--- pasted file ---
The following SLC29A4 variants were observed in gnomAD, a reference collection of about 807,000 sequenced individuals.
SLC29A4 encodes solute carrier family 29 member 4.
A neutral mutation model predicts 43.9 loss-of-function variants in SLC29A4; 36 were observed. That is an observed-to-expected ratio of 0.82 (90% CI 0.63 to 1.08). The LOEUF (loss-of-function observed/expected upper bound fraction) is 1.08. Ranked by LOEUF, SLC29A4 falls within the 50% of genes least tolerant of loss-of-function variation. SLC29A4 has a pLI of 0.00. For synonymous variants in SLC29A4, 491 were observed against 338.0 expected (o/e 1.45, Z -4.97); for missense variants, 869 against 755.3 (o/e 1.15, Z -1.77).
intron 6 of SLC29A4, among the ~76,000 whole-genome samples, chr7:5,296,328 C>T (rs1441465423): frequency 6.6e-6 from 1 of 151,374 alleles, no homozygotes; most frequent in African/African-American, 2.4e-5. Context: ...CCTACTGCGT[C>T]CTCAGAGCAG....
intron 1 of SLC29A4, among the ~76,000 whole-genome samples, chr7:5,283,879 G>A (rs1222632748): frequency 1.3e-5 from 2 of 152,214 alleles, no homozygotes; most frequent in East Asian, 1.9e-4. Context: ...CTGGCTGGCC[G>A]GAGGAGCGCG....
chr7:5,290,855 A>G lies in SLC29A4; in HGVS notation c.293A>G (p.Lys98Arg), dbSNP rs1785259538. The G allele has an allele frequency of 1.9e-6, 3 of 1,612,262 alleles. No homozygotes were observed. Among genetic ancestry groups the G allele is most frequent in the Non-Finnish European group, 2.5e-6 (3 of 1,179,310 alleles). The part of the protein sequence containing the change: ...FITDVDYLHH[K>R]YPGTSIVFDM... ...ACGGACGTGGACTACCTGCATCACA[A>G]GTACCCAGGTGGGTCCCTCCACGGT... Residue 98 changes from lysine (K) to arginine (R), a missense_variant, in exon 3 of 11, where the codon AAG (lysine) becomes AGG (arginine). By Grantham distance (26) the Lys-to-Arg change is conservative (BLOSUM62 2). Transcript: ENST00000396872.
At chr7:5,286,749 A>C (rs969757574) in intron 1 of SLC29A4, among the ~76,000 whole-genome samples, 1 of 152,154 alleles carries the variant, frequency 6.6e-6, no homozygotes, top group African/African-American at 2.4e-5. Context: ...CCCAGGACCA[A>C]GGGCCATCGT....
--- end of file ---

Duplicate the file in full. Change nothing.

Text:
The following SLC29A4 variants were observed in gnomAD, a reference collection of about 807,000 sequenced individuals.
SLC29A4 encodes solute carrier family 29 member 4.
A neutral mutation model predicts 43.9 loss-of-function variants in SLC29A4; 36 were observed. That is an observed-to-expected ratio of 0.82 (90% CI 0.63 to 1.08). The LOEUF (loss-of-function observed/expected upper bound fraction) is 1.08. Ranked by LOEUF, SLC29A4 falls within the 50% of genes least tolerant of loss-of-function variation. SLC29A4 has a pLI of 0.00. For synonymous variants in SLC29A4, 491 were observed against 338.0 expected (o/e 1.45, Z -4.97); for missense variants, 869 against 755.3 (o/e 1.15, Z -1.77).
intron 6 of SLC29A4, among the ~76,000 whole-genome samples, chr7:5,296,328 C>T (rs1441465423): frequency 6.6e-6 from 1 of 151,374 alleles, no homozygotes; most frequent in African/African-American, 2.4e-5. Context: ...CCTACTGCGT[C>T]CTCAGAGCAG....
intron 1 of SLC29A4, among the ~76,000 whole-genome samples, chr7:5,283,879 G>A (rs1222632748): frequency 1.3e-5 from 2 of 152,214 alleles, no homozygotes; most frequent in East Asian, 1.9e-4. Context: ...CTGGCTGGCC[G>A]GAGGAGCGCG....
chr7:5,290,855 A>G lies in SLC29A4; in HGVS notation c.293A>G (p.Lys98Arg), dbSNP rs1785259538. The G allele has an allele frequency of 1.9e-6, 3 of 1,612,262 alleles. No homozygotes were observed. Among genetic ancestry groups the G allele is most frequent in the Non-Finnish European group, 2.5e-6 (3 of 1,179,310 alleles). The part of the protein sequence containing the change: ...FITDVDYLHH[K>R]YPGTSIVFDM... ...ACGGACGTGGACTACCTGCATCACA[A>G]GTACCCAGGTGGGTCCCTCCACGGT... Residue 98 changes from lysine (K) to arginine (R), a missense_variant, in exon 3 of 11, where the codon AAG (lysine) becomes AGG (arginine). By Grantham distance (26) the Lys-to-Arg change is conservative (BLOSUM62 2). Transcript: ENST00000396872.
At chr7:5,286,749 A>C (rs969757574) in intron 1 of SLC29A4, among the ~76,000 whole-genome samples, 1 of 152,154 alleles carries the variant, frequency 6.6e-6, no homozygotes, top group African/African-American at 2.4e-5. Context: ...CCCAGGACCA[A>C]GGGCCATCGT....